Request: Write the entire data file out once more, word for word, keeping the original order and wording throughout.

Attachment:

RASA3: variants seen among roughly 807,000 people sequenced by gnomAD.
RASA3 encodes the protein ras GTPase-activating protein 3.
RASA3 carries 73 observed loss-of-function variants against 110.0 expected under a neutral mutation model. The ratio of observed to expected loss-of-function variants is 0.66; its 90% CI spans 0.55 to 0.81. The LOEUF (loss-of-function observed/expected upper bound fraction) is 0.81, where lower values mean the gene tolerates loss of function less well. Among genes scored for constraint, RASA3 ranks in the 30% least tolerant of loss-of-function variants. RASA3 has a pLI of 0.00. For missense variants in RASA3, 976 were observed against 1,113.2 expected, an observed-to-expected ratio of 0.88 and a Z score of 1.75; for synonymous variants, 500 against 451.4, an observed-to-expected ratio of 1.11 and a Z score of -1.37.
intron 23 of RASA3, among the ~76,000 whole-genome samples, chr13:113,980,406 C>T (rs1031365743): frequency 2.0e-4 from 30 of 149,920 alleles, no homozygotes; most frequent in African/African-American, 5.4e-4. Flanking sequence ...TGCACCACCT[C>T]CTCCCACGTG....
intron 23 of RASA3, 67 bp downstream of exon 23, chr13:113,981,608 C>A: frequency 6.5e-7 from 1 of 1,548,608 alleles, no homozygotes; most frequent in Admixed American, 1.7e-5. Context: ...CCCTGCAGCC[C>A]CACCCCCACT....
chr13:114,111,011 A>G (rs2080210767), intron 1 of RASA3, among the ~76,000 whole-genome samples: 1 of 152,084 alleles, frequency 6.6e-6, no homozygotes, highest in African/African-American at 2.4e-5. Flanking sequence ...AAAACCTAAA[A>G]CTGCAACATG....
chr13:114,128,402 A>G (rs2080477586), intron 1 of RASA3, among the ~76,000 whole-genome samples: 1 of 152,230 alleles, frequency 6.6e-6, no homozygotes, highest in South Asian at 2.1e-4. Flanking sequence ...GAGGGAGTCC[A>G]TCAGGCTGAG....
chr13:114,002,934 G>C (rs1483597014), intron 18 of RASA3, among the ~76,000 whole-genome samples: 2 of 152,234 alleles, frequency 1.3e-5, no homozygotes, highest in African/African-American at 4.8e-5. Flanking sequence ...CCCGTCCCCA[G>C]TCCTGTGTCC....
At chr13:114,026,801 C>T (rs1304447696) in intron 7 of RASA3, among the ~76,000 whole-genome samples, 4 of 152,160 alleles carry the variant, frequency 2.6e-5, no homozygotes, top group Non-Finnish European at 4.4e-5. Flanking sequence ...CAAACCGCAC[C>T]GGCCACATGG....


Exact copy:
RASA3: variants seen among roughly 807,000 people sequenced by gnomAD.
RASA3 encodes the protein ras GTPase-activating protein 3.
RASA3 carries 73 observed loss-of-function variants against 110.0 expected under a neutral mutation model. The ratio of observed to expected loss-of-function variants is 0.66; its 90% CI spans 0.55 to 0.81. The LOEUF (loss-of-function observed/expected upper bound fraction) is 0.81, where lower values mean the gene tolerates loss of function less well. Among genes scored for constraint, RASA3 ranks in the 30% least tolerant of loss-of-function variants. RASA3 has a pLI of 0.00. For missense variants in RASA3, 976 were observed against 1,113.2 expected, an observed-to-expected ratio of 0.88 and a Z score of 1.75; for synonymous variants, 500 against 451.4, an observed-to-expected ratio of 1.11 and a Z score of -1.37.
intron 23 of RASA3, among the ~76,000 whole-genome samples, chr13:113,980,406 C>T (rs1031365743): frequency 2.0e-4 from 30 of 149,920 alleles, no homozygotes; most frequent in African/African-American, 5.4e-4. Flanking sequence ...TGCACCACCT[C>T]CTCCCACGTG....
intron 23 of RASA3, 67 bp downstream of exon 23, chr13:113,981,608 C>A: frequency 6.5e-7 from 1 of 1,548,608 alleles, no homozygotes; most frequent in Admixed American, 1.7e-5. Context: ...CCCTGCAGCC[C>A]CACCCCCACT....
chr13:114,111,011 A>G (rs2080210767), intron 1 of RASA3, among the ~76,000 whole-genome samples: 1 of 152,084 alleles, frequency 6.6e-6, no homozygotes, highest in African/African-American at 2.4e-5. Flanking sequence ...AAAACCTAAA[A>G]CTGCAACATG....
chr13:114,128,402 A>G (rs2080477586), intron 1 of RASA3, among the ~76,000 whole-genome samples: 1 of 152,230 alleles, frequency 6.6e-6, no homozygotes, highest in South Asian at 2.1e-4. Flanking sequence ...GAGGGAGTCC[A>G]TCAGGCTGAG....
chr13:114,002,934 G>C (rs1483597014), intron 18 of RASA3, among the ~76,000 whole-genome samples: 2 of 152,234 alleles, frequency 1.3e-5, no homozygotes, highest in African/African-American at 4.8e-5. Flanking sequence ...CCCGTCCCCA[G>C]TCCTGTGTCC....
At chr13:114,026,801 C>T (rs1304447696) in intron 7 of RASA3, among the ~76,000 whole-genome samples, 4 of 152,160 alleles carry the variant, frequency 2.6e-5, no homozygotes, top group Non-Finnish European at 4.4e-5. Flanking sequence ...CAAACCGCAC[C>T]GGCCACATGG....